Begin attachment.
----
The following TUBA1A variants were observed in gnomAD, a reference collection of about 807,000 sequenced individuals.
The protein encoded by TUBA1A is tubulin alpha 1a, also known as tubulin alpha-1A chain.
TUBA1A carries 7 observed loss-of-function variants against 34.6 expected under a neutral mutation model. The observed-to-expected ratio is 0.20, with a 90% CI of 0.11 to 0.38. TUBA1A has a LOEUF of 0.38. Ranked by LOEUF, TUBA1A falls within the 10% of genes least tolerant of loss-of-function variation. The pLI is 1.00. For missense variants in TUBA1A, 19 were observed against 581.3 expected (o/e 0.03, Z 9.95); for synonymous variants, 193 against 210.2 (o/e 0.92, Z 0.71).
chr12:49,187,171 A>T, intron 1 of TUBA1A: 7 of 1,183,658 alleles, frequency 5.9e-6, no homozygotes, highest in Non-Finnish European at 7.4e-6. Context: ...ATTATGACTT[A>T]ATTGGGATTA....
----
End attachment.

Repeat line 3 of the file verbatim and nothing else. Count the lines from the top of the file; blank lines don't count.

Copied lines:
TUBA1A carries 7 observed loss-of-function variants against 34.6 expected under a neutral mutation model. The observed-to-expected ratio is 0.20, with a 90% CI of 0.11 to 0.38. TUBA1A has a LOEUF of 0.38. Ranked by LOEUF, TUBA1A falls within the 10% of genes least tolerant of loss-of-function variation. The pLI is 1.00. For missense variants in TUBA1A, 19 were observed against 581.3 expected (o/e 0.03, Z 9.95); for synonymous variants, 193 against 210.2 (o/e 0.92, Z 0.71).